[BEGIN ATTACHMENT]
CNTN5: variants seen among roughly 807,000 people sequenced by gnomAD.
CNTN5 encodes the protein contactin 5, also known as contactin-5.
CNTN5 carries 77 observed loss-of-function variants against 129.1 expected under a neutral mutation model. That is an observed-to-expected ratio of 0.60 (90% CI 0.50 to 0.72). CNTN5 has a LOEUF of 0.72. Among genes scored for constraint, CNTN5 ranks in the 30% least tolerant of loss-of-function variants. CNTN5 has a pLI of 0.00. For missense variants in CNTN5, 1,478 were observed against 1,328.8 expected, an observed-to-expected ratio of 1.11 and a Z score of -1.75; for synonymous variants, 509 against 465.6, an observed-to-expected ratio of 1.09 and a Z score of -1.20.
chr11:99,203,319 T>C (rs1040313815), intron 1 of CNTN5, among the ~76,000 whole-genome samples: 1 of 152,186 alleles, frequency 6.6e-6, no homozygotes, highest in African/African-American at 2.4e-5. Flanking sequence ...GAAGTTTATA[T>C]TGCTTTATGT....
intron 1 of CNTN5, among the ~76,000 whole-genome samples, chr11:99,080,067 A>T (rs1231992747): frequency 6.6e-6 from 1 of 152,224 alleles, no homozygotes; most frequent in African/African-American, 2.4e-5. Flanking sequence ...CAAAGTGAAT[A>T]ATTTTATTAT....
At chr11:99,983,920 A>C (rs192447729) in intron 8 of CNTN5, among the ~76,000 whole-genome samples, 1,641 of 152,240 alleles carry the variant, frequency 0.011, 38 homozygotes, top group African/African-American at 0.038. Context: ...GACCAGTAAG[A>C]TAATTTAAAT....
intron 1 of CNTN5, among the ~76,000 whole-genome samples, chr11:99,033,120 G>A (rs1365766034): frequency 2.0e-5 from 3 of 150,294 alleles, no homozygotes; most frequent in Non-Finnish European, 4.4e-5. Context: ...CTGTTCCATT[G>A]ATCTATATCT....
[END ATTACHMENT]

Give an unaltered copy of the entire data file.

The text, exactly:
CNTN5: variants seen among roughly 807,000 people sequenced by gnomAD.
CNTN5 encodes the protein contactin 5, also known as contactin-5.
CNTN5 carries 77 observed loss-of-function variants against 129.1 expected under a neutral mutation model. That is an observed-to-expected ratio of 0.60 (90% CI 0.50 to 0.72). CNTN5 has a LOEUF of 0.72. Among genes scored for constraint, CNTN5 ranks in the 30% least tolerant of loss-of-function variants. CNTN5 has a pLI of 0.00. For missense variants in CNTN5, 1,478 were observed against 1,328.8 expected, an observed-to-expected ratio of 1.11 and a Z score of -1.75; for synonymous variants, 509 against 465.6, an observed-to-expected ratio of 1.09 and a Z score of -1.20.
chr11:99,203,319 T>C (rs1040313815), intron 1 of CNTN5, among the ~76,000 whole-genome samples: 1 of 152,186 alleles, frequency 6.6e-6, no homozygotes, highest in African/African-American at 2.4e-5. Flanking sequence ...GAAGTTTATA[T>C]TGCTTTATGT....
intron 1 of CNTN5, among the ~76,000 whole-genome samples, chr11:99,080,067 A>T (rs1231992747): frequency 6.6e-6 from 1 of 152,224 alleles, no homozygotes; most frequent in African/African-American, 2.4e-5. Flanking sequence ...CAAAGTGAAT[A>T]ATTTTATTAT....
At chr11:99,983,920 A>C (rs192447729) in intron 8 of CNTN5, among the ~76,000 whole-genome samples, 1,641 of 152,240 alleles carry the variant, frequency 0.011, 38 homozygotes, top group African/African-American at 0.038. Context: ...GACCAGTAAG[A>C]TAATTTAAAT....
intron 1 of CNTN5, among the ~76,000 whole-genome samples, chr11:99,033,120 G>A (rs1365766034): frequency 2.0e-5 from 3 of 150,294 alleles, no homozygotes; most frequent in Non-Finnish European, 4.4e-5. Context: ...CTGTTCCATT[G>A]ATCTATATCT....